It was the second gun used for my range session with Barney, so here’s his take on the gun: “The Makarov is an extremely balanced weapon. The grip is excellent, and the trigger pull is perfect on single action compared with the many Glock 9mm. For CC this is an outstanding option.”
(The fact that that Ukraine’s defenders are still using the Makarov just adds bonus cool points.)
Walther PPK and PPK/S
Okay, so nobody ever has claimed that James Bond – whether portrayed by Sir Sean Connery, Sir Roger Moore, Daniel Craig, or whomever – has small hands, but nonetheless the gun wielded by The World’s Most Famous Secret Agent, by virtue of its compact size, fits small hands well, whether chambered in .380 ACP (AKA 9mm Kurz AKA 9mm Corto), .32 ACP (7.65mm), or .22 LR. Lovely Lisa had nothing but good things to say about a suppressed .22 LR PPK she recently tried out courtesy of a fellow SEG customer.
Colt .380 ACP Government Model
It’s too goshdarn bad that Colt no longer makes this compact autopistol. Of all the guns on this list, this one has the most sentimental value for me, as it was the very first firearm of any kind I ever shot, back in October 1989 when I was 14 years old, 5’2, 100 pounds soaking wet, with a corresponding hand size. Thankfully I acquired a used one in 2020 for a very reasonable $500.00, and I used it as a teaching tool that same year for my friend “Katie D,” who is slightly taller than Lisa and had no prior handgun experience going into that range outing.
Long story short: Katie took to that little Colt like a fish to water, shooting it like a pro from the get-go!
Smith & Wesson LadySmith Series (Revolver and Semiauto Pistol Alike)
As the name implies, these handguns were designed specifically for the female shooters, but they work equally well in smaller males’ hands as well. Lisa owns one of the autopistols of the series, the 9mm S&W Model 3913 (which is sadly now discontinued but should be fairly easy to find on the surplus gun market): “Absolutely biased on this, but she is my favorite of all the firearms that I personally own. This is the perfect size for my hands and there’s no need to adjust my grip to make the gun fit.”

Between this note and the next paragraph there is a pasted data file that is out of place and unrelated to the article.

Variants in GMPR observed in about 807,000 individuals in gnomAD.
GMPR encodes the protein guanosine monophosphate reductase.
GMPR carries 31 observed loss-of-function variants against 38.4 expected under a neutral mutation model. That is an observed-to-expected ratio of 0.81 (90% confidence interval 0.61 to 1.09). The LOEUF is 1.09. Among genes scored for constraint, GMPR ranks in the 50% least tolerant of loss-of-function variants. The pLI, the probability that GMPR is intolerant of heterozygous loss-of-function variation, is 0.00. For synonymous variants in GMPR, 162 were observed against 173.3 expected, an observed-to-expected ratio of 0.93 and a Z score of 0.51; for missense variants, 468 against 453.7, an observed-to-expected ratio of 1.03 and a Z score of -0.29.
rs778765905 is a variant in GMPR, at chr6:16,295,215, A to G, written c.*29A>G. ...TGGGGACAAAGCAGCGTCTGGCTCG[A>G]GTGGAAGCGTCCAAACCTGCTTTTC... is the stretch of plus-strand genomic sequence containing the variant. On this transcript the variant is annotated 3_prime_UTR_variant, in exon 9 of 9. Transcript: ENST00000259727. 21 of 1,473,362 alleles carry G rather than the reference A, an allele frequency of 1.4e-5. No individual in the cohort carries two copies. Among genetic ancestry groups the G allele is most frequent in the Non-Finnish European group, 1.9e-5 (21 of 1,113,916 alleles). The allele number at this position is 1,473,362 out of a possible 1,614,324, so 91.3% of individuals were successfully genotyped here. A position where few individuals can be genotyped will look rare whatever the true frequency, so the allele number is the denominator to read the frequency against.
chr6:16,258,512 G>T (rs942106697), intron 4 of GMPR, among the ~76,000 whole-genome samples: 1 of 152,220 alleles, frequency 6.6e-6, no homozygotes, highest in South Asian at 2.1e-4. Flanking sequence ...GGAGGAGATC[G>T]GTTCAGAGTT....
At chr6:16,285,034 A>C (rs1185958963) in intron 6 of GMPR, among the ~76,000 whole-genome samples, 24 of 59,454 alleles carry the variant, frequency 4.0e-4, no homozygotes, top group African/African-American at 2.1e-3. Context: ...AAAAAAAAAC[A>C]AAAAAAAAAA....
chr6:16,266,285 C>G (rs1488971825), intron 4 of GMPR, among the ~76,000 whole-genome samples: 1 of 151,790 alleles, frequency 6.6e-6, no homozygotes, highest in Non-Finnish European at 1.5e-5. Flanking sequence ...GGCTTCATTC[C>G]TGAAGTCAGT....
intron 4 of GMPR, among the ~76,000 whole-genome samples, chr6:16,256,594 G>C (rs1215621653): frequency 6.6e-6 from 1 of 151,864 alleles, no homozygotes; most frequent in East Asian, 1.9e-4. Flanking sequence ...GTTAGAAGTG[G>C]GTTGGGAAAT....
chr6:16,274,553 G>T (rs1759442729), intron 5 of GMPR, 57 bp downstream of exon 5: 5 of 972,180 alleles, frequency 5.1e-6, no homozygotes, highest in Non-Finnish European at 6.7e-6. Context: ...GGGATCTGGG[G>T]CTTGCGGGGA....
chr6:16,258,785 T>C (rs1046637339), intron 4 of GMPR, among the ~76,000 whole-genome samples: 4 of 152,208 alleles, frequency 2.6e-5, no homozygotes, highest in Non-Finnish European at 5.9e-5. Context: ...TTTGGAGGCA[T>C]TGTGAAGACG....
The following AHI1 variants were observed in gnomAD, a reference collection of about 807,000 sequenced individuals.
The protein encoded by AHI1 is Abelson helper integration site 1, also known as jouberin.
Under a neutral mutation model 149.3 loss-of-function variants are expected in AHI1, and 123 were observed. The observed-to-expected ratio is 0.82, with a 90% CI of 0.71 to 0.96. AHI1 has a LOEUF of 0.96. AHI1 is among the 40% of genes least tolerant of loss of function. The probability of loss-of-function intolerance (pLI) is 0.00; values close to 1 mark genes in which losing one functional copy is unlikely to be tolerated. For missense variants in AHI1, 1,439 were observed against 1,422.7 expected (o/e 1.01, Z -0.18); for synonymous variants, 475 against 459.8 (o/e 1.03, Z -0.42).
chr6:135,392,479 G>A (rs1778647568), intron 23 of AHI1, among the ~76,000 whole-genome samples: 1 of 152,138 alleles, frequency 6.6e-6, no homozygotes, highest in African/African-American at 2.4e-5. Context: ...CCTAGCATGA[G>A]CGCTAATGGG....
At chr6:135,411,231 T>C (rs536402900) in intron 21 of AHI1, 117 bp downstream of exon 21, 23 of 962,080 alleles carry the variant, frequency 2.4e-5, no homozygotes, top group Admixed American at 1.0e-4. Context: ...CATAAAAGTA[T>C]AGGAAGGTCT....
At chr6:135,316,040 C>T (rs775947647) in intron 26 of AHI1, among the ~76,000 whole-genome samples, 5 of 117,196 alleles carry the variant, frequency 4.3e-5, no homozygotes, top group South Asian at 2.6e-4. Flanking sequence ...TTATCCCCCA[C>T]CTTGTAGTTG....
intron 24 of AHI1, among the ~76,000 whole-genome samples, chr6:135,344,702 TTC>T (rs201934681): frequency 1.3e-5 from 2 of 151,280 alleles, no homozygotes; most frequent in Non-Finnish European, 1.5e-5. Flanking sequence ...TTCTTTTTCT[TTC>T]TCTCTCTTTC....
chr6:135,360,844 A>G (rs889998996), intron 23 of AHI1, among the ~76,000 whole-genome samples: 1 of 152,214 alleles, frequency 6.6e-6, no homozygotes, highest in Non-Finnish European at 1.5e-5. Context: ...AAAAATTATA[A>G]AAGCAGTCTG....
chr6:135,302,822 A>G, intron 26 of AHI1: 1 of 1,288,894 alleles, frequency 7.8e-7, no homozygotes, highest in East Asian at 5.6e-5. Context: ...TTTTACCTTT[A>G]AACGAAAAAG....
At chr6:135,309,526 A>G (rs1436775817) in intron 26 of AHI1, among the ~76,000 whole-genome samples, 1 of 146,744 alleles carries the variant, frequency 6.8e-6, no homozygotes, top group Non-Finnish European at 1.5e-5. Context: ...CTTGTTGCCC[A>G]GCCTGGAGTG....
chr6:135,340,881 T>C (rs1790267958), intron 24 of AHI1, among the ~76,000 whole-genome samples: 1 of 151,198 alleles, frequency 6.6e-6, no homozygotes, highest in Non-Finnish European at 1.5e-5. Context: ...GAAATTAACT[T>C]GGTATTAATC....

Meanwhile, the LadySmith revolvers, namely the J-frame Model 60 .357 Magnum and Model 642 .38 Special, are still very much in production. They’re not as much fun to shoot as their semiauto counterparts but are unbeatable when it comes to simplicity and ease of maintenance.
Christian D. Orr is a Senior Defense Editor for 19FortyFive. He has 34 years of shooting experience, starting at the tender age of 14. His marksmanship accomplishments include: the Air Force Small Arms Ribbon w/one device (for M16A2 rifle and M9 pistol); Pistol Expert Ratings from U.S. Customs & Border Protection (CBP), Immigration & Customs Enforcement (ICE), and the Federal Law Enforcement Training Center (FLETC) Criminal Investigator Training Program (CITP); multiple medals and trophies via the Glock Sport Shooting Foundation (GSSF) and the Nevada Police & Fires Games (NPAF). Chris has been an NRA Certified Basic Pistol Instructor since 2011.